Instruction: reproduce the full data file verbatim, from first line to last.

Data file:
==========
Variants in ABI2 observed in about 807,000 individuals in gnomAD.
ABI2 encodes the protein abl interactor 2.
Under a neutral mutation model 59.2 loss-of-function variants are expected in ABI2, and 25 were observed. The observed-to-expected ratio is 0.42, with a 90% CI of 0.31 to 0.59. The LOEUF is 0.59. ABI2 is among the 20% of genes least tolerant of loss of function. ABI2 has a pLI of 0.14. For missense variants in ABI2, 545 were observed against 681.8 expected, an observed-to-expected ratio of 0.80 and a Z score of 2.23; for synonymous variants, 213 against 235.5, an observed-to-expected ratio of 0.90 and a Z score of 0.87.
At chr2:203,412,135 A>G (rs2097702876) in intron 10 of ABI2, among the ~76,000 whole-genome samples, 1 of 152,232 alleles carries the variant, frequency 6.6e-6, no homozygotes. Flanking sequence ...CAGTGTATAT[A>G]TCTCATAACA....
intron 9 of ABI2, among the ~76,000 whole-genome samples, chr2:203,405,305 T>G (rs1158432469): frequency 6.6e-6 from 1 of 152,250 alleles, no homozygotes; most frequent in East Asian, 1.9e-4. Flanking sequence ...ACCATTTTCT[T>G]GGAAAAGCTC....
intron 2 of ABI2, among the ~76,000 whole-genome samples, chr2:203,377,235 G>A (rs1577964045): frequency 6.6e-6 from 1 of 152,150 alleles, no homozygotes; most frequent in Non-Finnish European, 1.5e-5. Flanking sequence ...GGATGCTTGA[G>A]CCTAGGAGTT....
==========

Variants in ABI2 observed in about 807,000 individuals in gnomAD.
ABI2 encodes the protein abl interactor 2.
Under a neutral mutation model 59.2 loss-of-function variants are expected in ABI2, and 25 were observed. The observed-to-expected ratio is 0.42, with a 90% CI of 0.31 to 0.59. The LOEUF is 0.59. ABI2 is among the 20% of genes least tolerant of loss of function. ABI2 has a pLI of 0.14. For missense variants in ABI2, 545 were observed against 681.8 expected, an observed-to-expected ratio of 0.80 and a Z score of 2.23; for synonymous variants, 213 against 235.5, an observed-to-expected ratio of 0.90 and a Z score of 0.87.
At chr2:203,412,135 A>G (rs2097702876) in intron 10 of ABI2, among the ~76,000 whole-genome samples, 1 of 152,232 alleles carries the variant, frequency 6.6e-6, no homozygotes. Flanking sequence ...CAGTGTATAT[A>G]TCTCATAACA....
intron 9 of ABI2, among the ~76,000 whole-genome samples, chr2:203,405,305 T>G (rs1158432469): frequency 6.6e-6 from 1 of 152,250 alleles, no homozygotes; most frequent in East Asian, 1.9e-4. Flanking sequence ...ACCATTTTCT[T>G]GGAAAAGCTC....
intron 2 of ABI2, among the ~76,000 whole-genome samples, chr2:203,377,235 G>A (rs1577964045): frequency 6.6e-6 from 1 of 152,150 alleles, no homozygotes; most frequent in Non-Finnish European, 1.5e-5. Flanking sequence ...GGATGCTTGA[G>A]CCTAGGAGTT....